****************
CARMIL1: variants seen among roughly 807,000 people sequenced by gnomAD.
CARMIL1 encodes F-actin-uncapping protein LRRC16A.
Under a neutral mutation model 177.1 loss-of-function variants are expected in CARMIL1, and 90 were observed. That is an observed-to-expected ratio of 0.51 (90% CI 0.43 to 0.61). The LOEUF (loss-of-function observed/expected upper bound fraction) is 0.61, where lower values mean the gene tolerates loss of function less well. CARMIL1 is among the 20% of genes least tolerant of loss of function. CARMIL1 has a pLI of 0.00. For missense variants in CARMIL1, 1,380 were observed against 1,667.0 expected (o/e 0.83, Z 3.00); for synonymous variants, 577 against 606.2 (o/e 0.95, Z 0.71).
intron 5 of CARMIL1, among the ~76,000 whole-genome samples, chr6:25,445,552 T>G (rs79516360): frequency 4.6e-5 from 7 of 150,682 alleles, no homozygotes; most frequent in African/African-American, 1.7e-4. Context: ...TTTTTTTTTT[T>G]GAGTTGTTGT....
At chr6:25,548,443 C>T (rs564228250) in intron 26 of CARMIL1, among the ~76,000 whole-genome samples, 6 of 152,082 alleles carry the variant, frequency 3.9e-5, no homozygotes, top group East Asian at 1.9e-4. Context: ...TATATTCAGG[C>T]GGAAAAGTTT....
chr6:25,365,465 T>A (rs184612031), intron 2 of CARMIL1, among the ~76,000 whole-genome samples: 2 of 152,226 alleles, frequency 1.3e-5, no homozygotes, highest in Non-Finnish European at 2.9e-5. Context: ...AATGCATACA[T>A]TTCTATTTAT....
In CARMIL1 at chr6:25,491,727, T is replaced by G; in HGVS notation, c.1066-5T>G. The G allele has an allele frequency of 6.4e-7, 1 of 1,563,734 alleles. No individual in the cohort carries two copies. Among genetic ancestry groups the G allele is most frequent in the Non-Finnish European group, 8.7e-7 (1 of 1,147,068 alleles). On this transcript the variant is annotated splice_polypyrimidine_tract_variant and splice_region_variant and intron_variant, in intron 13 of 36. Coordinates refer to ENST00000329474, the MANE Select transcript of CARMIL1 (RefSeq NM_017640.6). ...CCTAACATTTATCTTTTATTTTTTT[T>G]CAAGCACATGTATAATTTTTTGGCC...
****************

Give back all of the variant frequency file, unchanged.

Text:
CARMIL1: variants seen among roughly 807,000 people sequenced by gnomAD.
CARMIL1 encodes F-actin-uncapping protein LRRC16A.
Under a neutral mutation model 177.1 loss-of-function variants are expected in CARMIL1, and 90 were observed. That is an observed-to-expected ratio of 0.51 (90% CI 0.43 to 0.61). The LOEUF (loss-of-function observed/expected upper bound fraction) is 0.61, where lower values mean the gene tolerates loss of function less well. CARMIL1 is among the 20% of genes least tolerant of loss of function. CARMIL1 has a pLI of 0.00. For missense variants in CARMIL1, 1,380 were observed against 1,667.0 expected (o/e 0.83, Z 3.00); for synonymous variants, 577 against 606.2 (o/e 0.95, Z 0.71).
intron 5 of CARMIL1, among the ~76,000 whole-genome samples, chr6:25,445,552 T>G (rs79516360): frequency 4.6e-5 from 7 of 150,682 alleles, no homozygotes; most frequent in African/African-American, 1.7e-4. Context: ...TTTTTTTTTT[T>G]GAGTTGTTGT....
At chr6:25,548,443 C>T (rs564228250) in intron 26 of CARMIL1, among the ~76,000 whole-genome samples, 6 of 152,082 alleles carry the variant, frequency 3.9e-5, no homozygotes, top group East Asian at 1.9e-4. Context: ...TATATTCAGG[C>T]GGAAAAGTTT....
chr6:25,365,465 T>A (rs184612031), intron 2 of CARMIL1, among the ~76,000 whole-genome samples: 2 of 152,226 alleles, frequency 1.3e-5, no homozygotes, highest in Non-Finnish European at 2.9e-5. Context: ...AATGCATACA[T>A]TTCTATTTAT....
In CARMIL1 at chr6:25,491,727, T is replaced by G; in HGVS notation, c.1066-5T>G. The G allele has an allele frequency of 6.4e-7, 1 of 1,563,734 alleles. No individual in the cohort carries two copies. Among genetic ancestry groups the G allele is most frequent in the Non-Finnish European group, 8.7e-7 (1 of 1,147,068 alleles). On this transcript the variant is annotated splice_polypyrimidine_tract_variant and splice_region_variant and intron_variant, in intron 13 of 36. Coordinates refer to ENST00000329474, the MANE Select transcript of CARMIL1 (RefSeq NM_017640.6). ...CCTAACATTTATCTTTTATTTTTTT[T>G]CAAGCACATGTATAATTTTTTGGCC...